Five reasons military intervention in Syria is wrong
By Matthew Fitzpatrick
Posted Wed 28 Aug 2013, 3:54pm AEST
There is something superficially appealing about the notion of forces of freedom overthrowing Syria’s oppressive government. But events are rarely that simple, writes Matthew Fitzpatrick.
The gassing of civilians by a military force is a crime and those who order it and carry it out are criminals who should be brought to trial.
The international community has such a court – the International Criminal Court – an institution which now has the world’s more brutal political and military leaders looking over their shoulder for fear they might be extradited to the Hague to answer for their crimes.
If Bashar al-Assad is found to have used poisonous gas on his own population, as almost certainly seems to have been the case, then he must be put on trial for crimes against humanity.
This, however, is a world away from the notion that the international community should militarily intervene in the uncontrolled violence of the Syrian civil war.
The situation is complex, but at its simplest, here are five reasons why military intervention in Syria would be the wrong response to the most recent gas attacks.
1. As the recent wars in Afghanistan and Iraq have demonstrated, the civilian death toll from external military intervention quickly comes to exceed that which prompts the intervention in the first place. Killing more Syrians than the Assad regime itself is no way to pay tribute to those killed by their own government.
2. Within Syria there is no military power that would welcome or support external military intervention, particularly from Europe or the United States. While the beginnings of the ‘Arab Spring’ phase of the civil war saw some Syrians engaged in a struggle for a democratic Syria, these voices have been drowned out by the sound of the weapons fired from rival militias. Alongside Assad’s troops, Hezbollah and Iranian military troops are fighting Lebanese Salafists, Al Qaeda and the ultra-Islamist al-Nusra Front. The only thing that all of these groups have in common is that they would welcome the opportunity to attack Western armies, no matter how altruistic their underlying motivations might be.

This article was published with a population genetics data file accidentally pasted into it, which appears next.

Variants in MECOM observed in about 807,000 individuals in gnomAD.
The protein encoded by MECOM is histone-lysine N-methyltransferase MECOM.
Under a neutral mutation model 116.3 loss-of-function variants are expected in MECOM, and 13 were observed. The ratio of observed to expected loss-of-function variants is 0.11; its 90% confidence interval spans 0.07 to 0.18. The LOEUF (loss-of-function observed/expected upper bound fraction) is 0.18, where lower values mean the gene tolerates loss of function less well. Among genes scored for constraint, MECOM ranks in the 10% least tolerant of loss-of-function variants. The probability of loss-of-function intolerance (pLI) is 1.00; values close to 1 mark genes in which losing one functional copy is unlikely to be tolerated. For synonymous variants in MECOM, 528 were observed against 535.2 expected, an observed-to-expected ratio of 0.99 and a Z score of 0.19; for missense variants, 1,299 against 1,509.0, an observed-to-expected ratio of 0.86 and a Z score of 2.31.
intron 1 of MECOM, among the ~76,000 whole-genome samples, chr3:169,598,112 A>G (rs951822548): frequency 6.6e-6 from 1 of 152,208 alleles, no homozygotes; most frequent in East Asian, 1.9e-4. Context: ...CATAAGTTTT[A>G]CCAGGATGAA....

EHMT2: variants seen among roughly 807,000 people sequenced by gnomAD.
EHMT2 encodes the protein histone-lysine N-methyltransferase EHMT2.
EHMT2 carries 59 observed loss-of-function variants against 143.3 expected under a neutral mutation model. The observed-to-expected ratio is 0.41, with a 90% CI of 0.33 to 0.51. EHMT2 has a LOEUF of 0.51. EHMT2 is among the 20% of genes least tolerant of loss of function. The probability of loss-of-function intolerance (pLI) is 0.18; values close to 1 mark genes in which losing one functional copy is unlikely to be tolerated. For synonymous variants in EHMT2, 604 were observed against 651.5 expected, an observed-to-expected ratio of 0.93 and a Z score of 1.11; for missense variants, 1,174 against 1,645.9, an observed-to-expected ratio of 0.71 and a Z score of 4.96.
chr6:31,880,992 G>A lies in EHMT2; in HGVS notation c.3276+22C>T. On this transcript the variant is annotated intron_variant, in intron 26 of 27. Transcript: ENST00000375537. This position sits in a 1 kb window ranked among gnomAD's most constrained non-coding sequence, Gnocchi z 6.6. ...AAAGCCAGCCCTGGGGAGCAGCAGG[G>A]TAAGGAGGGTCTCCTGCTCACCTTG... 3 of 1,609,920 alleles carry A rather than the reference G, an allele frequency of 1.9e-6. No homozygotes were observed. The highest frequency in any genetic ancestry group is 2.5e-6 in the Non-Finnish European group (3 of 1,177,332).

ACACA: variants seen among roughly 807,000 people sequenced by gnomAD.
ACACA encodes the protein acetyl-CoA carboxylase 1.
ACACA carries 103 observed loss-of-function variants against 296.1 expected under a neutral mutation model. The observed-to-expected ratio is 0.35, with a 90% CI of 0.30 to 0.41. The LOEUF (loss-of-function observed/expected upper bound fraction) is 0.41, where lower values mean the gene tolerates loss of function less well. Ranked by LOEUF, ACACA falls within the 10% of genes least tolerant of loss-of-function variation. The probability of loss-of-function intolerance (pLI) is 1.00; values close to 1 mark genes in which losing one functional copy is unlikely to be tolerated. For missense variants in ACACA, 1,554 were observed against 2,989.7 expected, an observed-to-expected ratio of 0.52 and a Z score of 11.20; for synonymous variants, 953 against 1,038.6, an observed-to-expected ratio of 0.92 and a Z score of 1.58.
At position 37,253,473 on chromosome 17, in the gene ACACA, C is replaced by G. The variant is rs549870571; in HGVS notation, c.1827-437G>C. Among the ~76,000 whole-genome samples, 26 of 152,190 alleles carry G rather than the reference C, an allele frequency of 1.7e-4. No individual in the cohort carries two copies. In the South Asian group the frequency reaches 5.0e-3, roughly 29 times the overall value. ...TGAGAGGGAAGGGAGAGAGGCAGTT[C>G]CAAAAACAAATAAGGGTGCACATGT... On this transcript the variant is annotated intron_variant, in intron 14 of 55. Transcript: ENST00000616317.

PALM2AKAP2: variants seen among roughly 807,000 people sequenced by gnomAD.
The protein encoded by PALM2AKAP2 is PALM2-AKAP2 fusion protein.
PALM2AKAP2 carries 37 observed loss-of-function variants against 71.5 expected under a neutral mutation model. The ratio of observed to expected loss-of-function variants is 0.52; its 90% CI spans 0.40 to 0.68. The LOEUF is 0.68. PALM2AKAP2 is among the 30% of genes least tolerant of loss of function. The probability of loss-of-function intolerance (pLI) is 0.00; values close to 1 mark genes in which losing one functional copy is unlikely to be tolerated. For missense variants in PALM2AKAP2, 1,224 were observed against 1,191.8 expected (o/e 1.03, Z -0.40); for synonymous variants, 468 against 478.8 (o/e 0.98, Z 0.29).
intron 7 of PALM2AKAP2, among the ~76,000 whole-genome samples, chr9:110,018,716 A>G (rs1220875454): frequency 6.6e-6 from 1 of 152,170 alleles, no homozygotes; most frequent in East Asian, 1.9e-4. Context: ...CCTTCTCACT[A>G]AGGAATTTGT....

3. Internationally, there is no consensus that would offer a risk-free intervention. With Russia’s Vladimir Putin still deeply supportive of Assad (although Saudi Arabia is attempting to lure him away with the promise of oil) and China strongly opposed to external intervention, there is virtually no chance of a UN mandate sanctioning military action. Unilateral action by Britain, France or the United States against Syria would risk broadening the conflict into another Cold War, while also inviting regional players such as Iran, Israel, Saudi Arabia, Turkey or even Russia to become even more heavily involved than they currently are. Such a broadening of the conflict is in nobody’s interests.
4. Intervention would only make sense in the context of an attempt to achieve concrete political or military objectives. None beyond ‘something must be done’ or ‘there is a need to respond to a provocation’ has been offered. There is no plan for stopping the multidirectional violence, much less rebuilding the nation. Simply bombing Damascus or Aleppo to assuage the conscience of the West that they ‘did something’ seems like the worst form of symbolic politics.
5. Perhaps more abstractly, a civil war is the most fundamental and brutal attempt to answer the question of who exercises the monopoly on the control of violence that underwrites the power of the state. Artificially inflating the power of one favoured but weaker faction to seize control of the state invites later challenges to this power in the not too distant future. Unless an indefinite guarantee of military support for the weaker faction is offered, that weaker faction (no matter how enlightened) cannot realistically be expected to maintain control over the state. The utter lawlessness in many regions of Libya today is the most recent example of what happens when outside powers back weak forces they deem to be on the right side of history in a civil war.
There is something superficially appealing about the notion of the legions of freedom on the march, overthrowing the forces of oppression. Events are rarely that simple.
In the case of Syria, it is certainly not the case that military action will offer a straightforward righting of wrongs. Rather, military action invites a series of unintended knock-on effects which could escalate the Syrian conflict in such a way as to endanger the lives of far more Syrian civilians.